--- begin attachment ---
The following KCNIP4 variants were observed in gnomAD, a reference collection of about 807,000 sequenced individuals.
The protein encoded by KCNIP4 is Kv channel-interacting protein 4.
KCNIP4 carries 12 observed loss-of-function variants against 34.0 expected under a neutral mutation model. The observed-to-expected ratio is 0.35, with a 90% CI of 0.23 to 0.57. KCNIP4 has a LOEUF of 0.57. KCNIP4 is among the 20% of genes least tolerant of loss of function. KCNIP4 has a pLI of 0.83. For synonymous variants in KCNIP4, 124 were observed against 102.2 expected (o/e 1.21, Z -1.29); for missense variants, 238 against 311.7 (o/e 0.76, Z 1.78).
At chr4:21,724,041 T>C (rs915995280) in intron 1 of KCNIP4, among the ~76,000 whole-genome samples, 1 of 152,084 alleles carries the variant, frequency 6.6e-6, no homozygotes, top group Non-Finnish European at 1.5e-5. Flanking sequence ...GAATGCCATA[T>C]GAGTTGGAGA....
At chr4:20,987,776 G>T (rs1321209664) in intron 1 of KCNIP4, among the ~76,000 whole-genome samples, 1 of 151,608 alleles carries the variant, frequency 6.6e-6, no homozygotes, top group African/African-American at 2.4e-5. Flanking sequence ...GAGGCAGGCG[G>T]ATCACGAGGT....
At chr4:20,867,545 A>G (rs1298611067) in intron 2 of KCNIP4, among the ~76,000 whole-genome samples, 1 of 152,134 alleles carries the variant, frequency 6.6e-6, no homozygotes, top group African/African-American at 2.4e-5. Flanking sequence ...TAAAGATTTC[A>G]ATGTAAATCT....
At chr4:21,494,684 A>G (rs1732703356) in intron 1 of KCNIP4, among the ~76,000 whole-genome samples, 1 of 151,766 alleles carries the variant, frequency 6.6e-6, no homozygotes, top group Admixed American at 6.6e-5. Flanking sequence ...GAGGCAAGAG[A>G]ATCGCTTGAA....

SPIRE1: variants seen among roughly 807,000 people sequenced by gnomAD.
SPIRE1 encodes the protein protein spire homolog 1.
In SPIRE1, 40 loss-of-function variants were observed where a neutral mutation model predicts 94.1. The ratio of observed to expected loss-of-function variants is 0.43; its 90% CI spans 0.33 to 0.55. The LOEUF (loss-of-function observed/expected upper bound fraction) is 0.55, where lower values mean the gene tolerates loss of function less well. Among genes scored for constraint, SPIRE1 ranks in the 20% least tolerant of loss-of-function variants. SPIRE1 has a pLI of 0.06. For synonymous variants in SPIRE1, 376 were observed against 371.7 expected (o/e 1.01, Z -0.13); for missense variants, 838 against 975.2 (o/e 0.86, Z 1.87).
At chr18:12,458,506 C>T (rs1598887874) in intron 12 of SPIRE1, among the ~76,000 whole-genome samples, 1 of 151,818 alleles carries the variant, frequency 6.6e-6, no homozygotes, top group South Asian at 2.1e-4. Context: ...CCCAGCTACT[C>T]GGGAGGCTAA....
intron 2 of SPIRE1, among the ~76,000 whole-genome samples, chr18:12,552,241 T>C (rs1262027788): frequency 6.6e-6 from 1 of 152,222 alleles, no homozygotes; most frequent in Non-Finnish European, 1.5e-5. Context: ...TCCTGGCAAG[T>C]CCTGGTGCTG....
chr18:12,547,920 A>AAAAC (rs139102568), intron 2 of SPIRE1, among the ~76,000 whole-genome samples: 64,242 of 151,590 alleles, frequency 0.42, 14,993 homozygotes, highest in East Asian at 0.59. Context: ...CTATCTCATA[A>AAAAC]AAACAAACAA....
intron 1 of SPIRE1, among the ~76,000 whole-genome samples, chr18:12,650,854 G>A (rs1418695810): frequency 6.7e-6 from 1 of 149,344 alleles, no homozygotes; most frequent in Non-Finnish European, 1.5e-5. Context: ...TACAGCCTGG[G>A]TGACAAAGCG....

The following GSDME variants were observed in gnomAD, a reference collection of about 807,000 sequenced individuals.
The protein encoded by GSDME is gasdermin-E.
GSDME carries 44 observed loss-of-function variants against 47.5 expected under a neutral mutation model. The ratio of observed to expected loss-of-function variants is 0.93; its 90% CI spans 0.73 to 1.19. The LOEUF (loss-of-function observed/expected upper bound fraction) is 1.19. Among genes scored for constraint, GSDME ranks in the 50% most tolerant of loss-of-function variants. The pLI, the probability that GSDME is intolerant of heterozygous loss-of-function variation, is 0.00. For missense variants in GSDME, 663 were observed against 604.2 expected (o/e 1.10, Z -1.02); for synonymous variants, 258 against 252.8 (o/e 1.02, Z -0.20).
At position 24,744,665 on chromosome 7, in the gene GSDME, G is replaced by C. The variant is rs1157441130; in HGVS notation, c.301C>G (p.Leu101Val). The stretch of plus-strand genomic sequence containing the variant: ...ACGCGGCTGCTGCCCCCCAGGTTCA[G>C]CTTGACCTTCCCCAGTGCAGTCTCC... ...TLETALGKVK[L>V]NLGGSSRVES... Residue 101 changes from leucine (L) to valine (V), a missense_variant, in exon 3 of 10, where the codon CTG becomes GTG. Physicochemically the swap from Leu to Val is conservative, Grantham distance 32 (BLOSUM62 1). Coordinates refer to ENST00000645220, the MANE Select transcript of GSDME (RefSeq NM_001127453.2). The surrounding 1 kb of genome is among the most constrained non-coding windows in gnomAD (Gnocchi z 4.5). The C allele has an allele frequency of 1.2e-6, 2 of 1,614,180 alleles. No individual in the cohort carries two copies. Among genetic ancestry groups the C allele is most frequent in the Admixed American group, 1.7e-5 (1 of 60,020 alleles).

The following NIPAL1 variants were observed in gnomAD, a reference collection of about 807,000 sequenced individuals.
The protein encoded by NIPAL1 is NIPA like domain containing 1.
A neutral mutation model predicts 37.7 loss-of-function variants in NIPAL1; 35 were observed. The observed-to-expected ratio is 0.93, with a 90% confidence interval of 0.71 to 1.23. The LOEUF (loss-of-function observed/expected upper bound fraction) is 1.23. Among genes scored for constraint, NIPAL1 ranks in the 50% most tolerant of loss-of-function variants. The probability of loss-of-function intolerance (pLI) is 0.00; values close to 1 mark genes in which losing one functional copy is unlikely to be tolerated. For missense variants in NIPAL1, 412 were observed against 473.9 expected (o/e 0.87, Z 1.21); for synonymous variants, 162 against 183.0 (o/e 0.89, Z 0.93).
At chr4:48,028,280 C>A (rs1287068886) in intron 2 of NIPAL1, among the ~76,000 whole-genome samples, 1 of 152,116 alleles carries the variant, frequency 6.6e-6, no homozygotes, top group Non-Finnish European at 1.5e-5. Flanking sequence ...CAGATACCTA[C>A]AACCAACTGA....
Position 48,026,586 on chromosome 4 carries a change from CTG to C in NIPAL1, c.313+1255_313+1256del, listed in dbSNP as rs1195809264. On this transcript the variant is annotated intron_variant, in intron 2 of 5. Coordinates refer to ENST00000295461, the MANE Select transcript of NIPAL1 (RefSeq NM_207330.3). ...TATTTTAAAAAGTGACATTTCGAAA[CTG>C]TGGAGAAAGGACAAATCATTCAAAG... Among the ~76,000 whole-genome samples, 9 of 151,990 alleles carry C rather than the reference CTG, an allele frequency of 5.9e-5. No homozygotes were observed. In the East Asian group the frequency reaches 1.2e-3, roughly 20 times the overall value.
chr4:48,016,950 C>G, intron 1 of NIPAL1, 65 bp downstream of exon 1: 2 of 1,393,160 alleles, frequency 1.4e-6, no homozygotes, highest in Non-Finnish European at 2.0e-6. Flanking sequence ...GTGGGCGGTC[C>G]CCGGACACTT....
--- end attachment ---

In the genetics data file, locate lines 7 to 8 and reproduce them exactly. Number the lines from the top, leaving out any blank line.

At chr4:21,494,684 A>G (rs1732703356) in intron 1 of KCNIP4, among the ~76,000 whole-genome samples, 1 of 151,766 alleles carries the variant, frequency 6.6e-6, no homozygotes, top group Admixed American at 6.6e-5. Flanking sequence ...GAGGCAAGAG[A>G]ATCGCTTGAA....

SPIRE1: variants seen among roughly 807,000 people sequenced by gnomAD.